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Will Congress bet on Rahul?

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Mani Shankar Aiyar

I am so far out on the periphery of the Congress that I have no idea when — or where (or even whether) — the All India Congress Committee plenary would be held to elect the next president of the Congress.

Indeed, I have no idea who that president will be, although the name most in circulation is that of Rahul Gandhi, provided always his mother does not seek another term.

Rahul Gandhi himself has said he would rather not seek the presidency as a birthright but through the freely expressed will of the party. That’s easier said than done — because who in the party would want to stand against him?

It is all very well to say that inner party democracy demands an alternative choice, but the eternal question remains: Who is going to bell the cat? I would be pleased — if astonished — were a candidate to show up, but unless he or she is a dark horse cached away for the present in some quiet corner, I can see no alternative to either mother or son becoming the next president of the party — only because that is the entirely democratic desire of the party, however eccentric or idiosyncratic that might appear to those outside the party.

After all, neither Modi nor Amit Shah nor the cocktail crowd (read Tavleen Singh) are going to determine who heads our party.

So, what is the Congress history to which I am so keen to draw attention?

It is the personal histories of the four leaders from one family who have dominated the Congress since at least 1929 — Jawaharlal Nehru, Indira Gandhi, Rajiv Gandhi, and Sonia Gandhi.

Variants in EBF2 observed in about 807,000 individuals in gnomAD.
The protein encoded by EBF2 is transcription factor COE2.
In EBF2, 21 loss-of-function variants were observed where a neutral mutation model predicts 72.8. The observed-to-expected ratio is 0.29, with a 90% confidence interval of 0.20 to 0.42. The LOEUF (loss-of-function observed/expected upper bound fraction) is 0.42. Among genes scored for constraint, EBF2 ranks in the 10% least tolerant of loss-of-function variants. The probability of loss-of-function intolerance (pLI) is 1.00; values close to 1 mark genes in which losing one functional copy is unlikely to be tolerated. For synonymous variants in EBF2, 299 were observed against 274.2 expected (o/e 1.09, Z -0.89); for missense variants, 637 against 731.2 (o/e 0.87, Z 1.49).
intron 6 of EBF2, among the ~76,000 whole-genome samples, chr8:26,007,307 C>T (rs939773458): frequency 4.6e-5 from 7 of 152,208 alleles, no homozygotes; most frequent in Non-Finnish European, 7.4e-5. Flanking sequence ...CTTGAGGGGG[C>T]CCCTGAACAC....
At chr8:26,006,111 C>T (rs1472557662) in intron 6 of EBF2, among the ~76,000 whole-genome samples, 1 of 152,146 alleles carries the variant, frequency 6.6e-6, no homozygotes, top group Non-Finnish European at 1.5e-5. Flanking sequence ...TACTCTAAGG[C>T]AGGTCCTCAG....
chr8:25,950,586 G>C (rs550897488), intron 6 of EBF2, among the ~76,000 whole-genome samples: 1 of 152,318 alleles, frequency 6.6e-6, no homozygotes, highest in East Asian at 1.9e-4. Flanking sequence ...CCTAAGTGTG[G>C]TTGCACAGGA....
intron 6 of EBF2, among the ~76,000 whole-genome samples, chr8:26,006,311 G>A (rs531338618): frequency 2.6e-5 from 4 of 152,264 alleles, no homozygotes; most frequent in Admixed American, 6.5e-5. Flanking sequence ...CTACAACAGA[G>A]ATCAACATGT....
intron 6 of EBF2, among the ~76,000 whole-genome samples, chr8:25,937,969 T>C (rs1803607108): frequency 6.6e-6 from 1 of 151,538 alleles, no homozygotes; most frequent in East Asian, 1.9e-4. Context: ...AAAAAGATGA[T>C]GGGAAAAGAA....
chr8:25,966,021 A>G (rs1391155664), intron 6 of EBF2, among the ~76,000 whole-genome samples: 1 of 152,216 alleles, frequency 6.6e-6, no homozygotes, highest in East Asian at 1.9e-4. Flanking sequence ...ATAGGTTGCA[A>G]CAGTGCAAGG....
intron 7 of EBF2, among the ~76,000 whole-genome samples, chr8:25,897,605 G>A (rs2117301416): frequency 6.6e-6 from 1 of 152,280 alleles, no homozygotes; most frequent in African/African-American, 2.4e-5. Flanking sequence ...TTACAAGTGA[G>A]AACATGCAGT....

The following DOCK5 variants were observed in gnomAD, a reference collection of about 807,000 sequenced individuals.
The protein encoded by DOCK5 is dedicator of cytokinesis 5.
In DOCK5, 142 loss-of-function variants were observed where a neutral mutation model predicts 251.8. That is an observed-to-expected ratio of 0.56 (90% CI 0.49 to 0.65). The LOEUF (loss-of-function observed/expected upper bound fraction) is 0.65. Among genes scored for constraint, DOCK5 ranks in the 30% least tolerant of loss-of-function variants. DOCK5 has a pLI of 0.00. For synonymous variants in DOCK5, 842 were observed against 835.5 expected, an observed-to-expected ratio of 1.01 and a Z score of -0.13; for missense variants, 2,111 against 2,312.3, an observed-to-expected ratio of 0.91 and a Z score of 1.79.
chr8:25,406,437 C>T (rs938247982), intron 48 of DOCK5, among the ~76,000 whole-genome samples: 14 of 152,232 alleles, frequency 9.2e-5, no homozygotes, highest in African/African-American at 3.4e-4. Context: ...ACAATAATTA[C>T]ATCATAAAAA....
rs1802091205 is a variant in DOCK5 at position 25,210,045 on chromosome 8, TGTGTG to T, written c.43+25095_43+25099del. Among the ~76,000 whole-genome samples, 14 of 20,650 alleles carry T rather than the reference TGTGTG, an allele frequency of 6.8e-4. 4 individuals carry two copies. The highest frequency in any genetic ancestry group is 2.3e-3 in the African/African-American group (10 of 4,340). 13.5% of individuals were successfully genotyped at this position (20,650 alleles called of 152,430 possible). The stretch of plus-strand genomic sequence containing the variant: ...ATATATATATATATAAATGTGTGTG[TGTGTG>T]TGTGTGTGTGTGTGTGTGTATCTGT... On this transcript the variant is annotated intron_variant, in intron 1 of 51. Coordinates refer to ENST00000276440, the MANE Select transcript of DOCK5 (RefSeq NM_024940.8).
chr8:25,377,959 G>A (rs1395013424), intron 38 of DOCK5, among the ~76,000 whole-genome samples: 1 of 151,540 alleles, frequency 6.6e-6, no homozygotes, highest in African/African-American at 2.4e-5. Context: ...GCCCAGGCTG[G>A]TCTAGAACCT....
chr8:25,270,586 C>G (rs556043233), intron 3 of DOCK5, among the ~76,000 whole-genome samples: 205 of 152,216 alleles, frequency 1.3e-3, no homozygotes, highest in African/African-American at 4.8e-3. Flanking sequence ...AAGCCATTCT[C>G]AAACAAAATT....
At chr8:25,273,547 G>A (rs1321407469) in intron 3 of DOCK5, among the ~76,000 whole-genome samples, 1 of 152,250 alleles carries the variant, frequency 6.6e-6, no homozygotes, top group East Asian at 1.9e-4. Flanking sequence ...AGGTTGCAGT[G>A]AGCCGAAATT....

This might explain why, despite the apprehensions of many about the suitability of Rahul for the job and their concern at the Congress not throwing up a viable alternative, the Congress is most likely to place its 2019 electoral bet on Rahul Gandhi.

Nehru-Gandhi’s days of glory

Jawaharlal Nehru attended his first Congress session at Bankipore within months of his return, playing no part at all but gawking at the leaders. Nehru says he “felt dissatisfied with life in those early years.”

A lazy, easy, untroubled life that soon “lost its freshness … being engulfed in a dull routine of a pointless and futile existence” that Nehru attributed to his “mongrel education” in England. A “sense of the utter insipidity of life grew upon me.”

Yet, he did little or nothing about it for seven long years, from 1912 till 1919.

He did not have to because he was swathed in the lap of his father’s luxury. “My own political and public activities in the early war years were modest and I kept away from addressing public gatherings.”

This was the same retiring young man who, once he came under the spell of Mahatma Gandhi, was to sweep through the country over the next decade like a tornado to become president of the party at the incredibly young age of 40, and lead the nation to “Purna Swaraj.”

Jawaharlal, thus, set the Nehru-Gandhi tradition of taking their own sweet time to grow into leadership. But from then on, there has been no stopping them.

Indira was the same. At Somerville, Oxford, she was utterly undistinguished, spending most of her time rushing off to London to meet Feroze. Says her biographer, Katherine Frank: “She only spoke once on a platform — and it was a fiasco.”